I no longer find the cows amusing.

The trail, however, was clear and fantastically beautiful.

I came to a piped spring and trough. It was fenced to keep the cows out.

I took a short break by the spring and continued.

I made it to parking lot of Sherman’s Pass. I got a visual of Route 20, and where I would hitch from. I then walked back to the trail head in search of a flat spot to camp. I found a small space that would suffice. I spread out my tarp and mat.  I would hitch in to the tiny town of Republic, first thing in the morning.

Republic; zero # 6 and # 7

Monday, August 26, 2019; day 37

By 0825 I had my thumb out. I was hungry.

The traffic was fair, but all cars zoomed by. Most cars seemed to be heading east. Republic was about 17 miles west of Sherman’s Pass.

I watched as one man’s vehicle swerved in to the neighboring lane as he glanced back at me. Some people are really so surprised to see a hitchhiker.

An SUV pulled in to the empty lot. I hurried over to it. They had not pulled over for me. This is always a sad experience.

An hour passed.

Then a man pulled in with a cement truck. I began chatting with him. He said that some other guys with the state were headed over to assist him and that one of them may be able to give me a lift.

We talked briefly about the trail. I could feel him sizing me up, looking me up and down.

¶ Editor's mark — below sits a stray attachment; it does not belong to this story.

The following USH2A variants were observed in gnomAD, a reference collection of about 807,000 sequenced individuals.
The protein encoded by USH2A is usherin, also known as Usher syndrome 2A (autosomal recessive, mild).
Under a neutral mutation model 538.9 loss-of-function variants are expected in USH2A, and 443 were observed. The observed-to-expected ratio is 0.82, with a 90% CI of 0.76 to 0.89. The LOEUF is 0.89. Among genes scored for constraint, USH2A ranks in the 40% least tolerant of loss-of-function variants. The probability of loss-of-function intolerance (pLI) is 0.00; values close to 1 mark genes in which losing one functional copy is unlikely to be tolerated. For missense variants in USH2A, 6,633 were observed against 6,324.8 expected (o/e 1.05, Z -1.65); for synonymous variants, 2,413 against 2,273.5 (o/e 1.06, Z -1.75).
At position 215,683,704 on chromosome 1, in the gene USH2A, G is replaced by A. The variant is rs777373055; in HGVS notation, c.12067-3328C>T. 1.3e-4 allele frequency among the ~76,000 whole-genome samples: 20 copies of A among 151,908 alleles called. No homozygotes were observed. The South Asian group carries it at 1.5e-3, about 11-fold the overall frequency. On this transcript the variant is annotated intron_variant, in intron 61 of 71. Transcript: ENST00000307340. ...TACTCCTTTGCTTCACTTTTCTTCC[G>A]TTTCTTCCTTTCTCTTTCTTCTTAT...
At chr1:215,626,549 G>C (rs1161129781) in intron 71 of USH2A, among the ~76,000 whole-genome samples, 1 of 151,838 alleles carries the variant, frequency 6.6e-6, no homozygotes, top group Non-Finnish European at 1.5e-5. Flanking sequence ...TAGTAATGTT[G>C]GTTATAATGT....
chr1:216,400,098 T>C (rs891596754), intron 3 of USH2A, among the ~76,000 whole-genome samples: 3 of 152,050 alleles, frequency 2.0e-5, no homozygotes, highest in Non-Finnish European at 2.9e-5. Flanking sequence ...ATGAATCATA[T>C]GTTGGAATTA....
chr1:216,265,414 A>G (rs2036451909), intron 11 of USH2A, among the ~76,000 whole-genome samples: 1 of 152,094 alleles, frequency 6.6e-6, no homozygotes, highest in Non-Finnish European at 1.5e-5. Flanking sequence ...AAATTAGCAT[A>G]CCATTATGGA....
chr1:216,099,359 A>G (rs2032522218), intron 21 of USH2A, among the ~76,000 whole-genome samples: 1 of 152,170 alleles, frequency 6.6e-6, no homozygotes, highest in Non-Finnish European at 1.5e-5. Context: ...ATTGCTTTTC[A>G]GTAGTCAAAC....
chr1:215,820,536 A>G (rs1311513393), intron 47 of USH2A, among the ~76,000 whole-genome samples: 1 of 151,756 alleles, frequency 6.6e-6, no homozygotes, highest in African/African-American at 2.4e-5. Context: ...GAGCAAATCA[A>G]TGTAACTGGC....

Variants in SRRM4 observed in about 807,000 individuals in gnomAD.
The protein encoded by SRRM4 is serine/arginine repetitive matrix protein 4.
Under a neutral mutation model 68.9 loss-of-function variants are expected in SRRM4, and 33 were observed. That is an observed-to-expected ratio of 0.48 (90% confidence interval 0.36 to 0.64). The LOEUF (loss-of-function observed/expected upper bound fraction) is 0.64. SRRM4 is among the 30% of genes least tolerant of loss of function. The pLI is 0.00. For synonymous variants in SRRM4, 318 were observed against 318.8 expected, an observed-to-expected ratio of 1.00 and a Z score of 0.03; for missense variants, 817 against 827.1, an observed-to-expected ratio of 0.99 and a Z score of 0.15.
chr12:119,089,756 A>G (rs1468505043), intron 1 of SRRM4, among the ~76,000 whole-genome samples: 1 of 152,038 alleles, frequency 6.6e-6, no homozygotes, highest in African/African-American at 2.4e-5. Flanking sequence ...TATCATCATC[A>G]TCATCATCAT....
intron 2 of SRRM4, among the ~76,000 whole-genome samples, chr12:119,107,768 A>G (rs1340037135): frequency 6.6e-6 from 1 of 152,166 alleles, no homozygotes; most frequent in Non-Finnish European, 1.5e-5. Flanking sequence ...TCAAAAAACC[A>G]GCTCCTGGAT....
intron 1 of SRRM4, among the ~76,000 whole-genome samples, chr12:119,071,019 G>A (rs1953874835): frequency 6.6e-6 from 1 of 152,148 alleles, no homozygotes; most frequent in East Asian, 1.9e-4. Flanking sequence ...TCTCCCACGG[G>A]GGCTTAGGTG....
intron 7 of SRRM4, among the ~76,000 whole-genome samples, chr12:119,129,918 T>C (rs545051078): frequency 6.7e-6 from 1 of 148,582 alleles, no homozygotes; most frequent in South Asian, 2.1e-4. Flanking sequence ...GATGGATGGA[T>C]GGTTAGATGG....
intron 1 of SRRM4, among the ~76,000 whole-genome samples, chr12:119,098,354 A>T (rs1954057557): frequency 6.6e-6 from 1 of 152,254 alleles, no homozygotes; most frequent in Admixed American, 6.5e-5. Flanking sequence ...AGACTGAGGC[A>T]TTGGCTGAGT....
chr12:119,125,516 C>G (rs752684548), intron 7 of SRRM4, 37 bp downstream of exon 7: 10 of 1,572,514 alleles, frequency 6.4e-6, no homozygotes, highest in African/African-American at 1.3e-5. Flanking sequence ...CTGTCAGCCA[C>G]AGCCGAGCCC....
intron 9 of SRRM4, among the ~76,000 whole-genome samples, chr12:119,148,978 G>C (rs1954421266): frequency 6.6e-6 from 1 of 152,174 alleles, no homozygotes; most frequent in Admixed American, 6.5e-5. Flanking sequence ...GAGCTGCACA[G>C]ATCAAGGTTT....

“You must be pretty strong then, huh?”

He then reached in and squeezed my upper thigh.

Darn it! I knew he was going to touch me. I could sense it.

It was not exceptionally creepy, but it was: Not Okay. You don’t just reach in and grab someone’s thigh. What do I do? In avoidance of awkward air, and desperate for a ride in to town, I pretend it never happened. Responding to these situations in the way they deserve is one of the most challenging lessons I have been working to honor. Never give up.

One of the men that came to assist the cement-truck driver, did in fact give me a lift to Republic. He was very kind. We spoke of the trail and of the bushwhack in Idaho. He said that with that sort of determination, I should go far in life. This pleased me. We pulled in to a gas-station on the outskirts of town. He offered me a cold bottled water. I thought of all the cow patties near the water sources on trail. I gratefully accepted the water, surprising myself when I called it “fresh”.

I made my way towards the center of town. A man recognized me as a hiker, and offered me a ride to the post-office, where I had a package.

After collecting my goods I sat cross-legged on the sidewalk just outside of the post-office to repackage my things from their original cumbersome packaging to ziploc bags. I tried to be as unobtrusive as possible. I inevitably always spill something.

I chatted with a kind lady named Kim, who was walking a small dog. She was planning to move to Republic. She was staying in a nearby hotel, until she found a place to rent. The conversation was exceptionally pleasant. Soon she went on her way, and I finished packing up.

“Hey ma’am. Can you come here for a minute?”

I looked up to see a lady calling from a vehicle.

“Me?”

“Yeah.”

“Hold on a moment, let me throw these things away.” I moved over to a dumpster to toss all the plastic and cardboard packaging from my re-supply.

I met the lady in the parking lot. She told me that she had a bounty of raspberries and would like to give me some.

Oh, how wonderful!

Then I was off to get a meal, and supplemental food-stuff. I stopped at the bargain food store. The man there was so kind. There were bins of food including Lara Bars for 25 cents!

Next was the Ferry County Food Co-op. I sat at a store-front counter space to eat a meal of avocado and rice-cake, while my devices charged inside.